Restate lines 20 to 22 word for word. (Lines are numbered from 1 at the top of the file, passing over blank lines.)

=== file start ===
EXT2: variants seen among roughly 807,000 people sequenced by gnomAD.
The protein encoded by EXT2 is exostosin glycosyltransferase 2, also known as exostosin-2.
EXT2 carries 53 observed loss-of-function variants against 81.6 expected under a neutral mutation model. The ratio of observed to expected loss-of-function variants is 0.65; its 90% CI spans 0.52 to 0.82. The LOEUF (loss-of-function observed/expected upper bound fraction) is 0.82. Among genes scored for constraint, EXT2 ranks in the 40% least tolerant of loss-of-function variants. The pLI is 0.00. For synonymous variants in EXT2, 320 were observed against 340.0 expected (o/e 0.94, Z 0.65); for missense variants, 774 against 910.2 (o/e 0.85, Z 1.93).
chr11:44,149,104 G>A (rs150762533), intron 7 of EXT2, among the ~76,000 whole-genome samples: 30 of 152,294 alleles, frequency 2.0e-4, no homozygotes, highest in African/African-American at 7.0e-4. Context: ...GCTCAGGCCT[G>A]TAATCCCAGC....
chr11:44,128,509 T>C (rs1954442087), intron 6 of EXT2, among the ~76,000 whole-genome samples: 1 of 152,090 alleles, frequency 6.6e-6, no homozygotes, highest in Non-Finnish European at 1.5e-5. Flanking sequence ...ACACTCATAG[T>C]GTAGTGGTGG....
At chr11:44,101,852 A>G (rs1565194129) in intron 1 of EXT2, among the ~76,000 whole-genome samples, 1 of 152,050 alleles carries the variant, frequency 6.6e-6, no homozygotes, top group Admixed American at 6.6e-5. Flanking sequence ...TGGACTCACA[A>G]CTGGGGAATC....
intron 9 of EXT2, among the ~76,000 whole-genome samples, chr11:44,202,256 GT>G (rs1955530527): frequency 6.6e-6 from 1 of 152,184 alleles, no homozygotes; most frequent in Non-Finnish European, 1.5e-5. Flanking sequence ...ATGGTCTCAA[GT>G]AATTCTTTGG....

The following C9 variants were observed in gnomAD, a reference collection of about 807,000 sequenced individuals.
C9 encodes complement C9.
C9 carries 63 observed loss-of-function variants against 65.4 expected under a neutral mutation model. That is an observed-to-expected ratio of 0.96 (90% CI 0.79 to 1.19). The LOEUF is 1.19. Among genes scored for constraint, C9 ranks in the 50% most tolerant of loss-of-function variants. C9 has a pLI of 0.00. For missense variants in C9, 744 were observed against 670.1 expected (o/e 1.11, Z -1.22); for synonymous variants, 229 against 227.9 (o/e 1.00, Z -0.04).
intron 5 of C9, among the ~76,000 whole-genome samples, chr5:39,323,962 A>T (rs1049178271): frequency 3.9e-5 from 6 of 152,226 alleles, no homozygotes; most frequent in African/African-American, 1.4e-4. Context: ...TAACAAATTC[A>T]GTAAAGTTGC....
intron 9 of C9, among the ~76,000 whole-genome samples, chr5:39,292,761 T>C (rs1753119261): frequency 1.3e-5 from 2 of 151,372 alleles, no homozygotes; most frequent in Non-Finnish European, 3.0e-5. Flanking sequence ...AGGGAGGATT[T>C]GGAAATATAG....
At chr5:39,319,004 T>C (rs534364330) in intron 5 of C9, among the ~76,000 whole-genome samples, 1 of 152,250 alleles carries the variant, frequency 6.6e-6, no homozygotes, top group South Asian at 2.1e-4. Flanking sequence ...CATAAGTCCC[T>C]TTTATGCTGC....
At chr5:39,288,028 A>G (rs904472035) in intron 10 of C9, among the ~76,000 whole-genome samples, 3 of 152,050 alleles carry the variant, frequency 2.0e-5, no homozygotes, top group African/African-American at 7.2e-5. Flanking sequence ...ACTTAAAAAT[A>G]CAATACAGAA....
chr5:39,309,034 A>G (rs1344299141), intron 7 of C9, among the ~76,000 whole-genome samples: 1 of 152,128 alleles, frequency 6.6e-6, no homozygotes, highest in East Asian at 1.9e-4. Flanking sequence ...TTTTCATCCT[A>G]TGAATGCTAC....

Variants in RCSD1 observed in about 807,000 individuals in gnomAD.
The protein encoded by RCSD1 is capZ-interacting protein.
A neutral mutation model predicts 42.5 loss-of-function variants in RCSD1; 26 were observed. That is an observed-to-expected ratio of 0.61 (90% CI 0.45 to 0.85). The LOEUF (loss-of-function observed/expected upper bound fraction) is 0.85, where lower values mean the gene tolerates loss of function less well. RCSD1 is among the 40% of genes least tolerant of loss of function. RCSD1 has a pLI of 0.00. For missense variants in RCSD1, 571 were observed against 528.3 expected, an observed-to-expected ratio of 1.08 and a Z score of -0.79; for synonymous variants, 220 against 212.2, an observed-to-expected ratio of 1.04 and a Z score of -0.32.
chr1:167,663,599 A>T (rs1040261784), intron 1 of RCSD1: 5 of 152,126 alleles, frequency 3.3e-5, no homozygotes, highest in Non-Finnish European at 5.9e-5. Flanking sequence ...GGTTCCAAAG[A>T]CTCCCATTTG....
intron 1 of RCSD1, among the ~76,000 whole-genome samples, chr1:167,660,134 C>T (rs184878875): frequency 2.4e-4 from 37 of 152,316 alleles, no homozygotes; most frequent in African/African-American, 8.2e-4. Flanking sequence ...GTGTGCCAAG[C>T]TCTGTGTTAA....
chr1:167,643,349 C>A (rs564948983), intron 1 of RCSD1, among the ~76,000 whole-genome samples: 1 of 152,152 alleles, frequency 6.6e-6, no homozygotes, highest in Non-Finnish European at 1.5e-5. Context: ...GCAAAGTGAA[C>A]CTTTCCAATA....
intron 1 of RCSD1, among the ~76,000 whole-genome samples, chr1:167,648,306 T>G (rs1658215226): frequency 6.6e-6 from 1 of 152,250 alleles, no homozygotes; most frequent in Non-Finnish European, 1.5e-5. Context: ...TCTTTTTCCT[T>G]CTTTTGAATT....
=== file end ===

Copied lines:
intron 1 of RCSD1, among the ~76,000 whole-genome samples, chr1:167,660,134 C>T (rs184878875): frequency 2.4e-4 from 37 of 152,316 alleles, no homozygotes; most frequent in African/African-American, 8.2e-4. Flanking sequence ...GTGTGCCAAG[C>T]TCTGTGTTAA....
chr1:167,643,349 C>A (rs564948983), intron 1 of RCSD1, among the ~76,000 whole-genome samples: 1 of 152,152 alleles, frequency 6.6e-6, no homozygotes, highest in Non-Finnish European at 1.5e-5. Context: ...GCAAAGTGAA[C>A]CTTTCCAATA....
intron 1 of RCSD1, among the ~76,000 whole-genome samples, chr1:167,648,306 T>G (rs1658215226): frequency 6.6e-6 from 1 of 152,250 alleles, no homozygotes; most frequent in Non-Finnish European, 1.5e-5. Context: ...TCTTTTTCCT[T>G]CTTTTGAATT....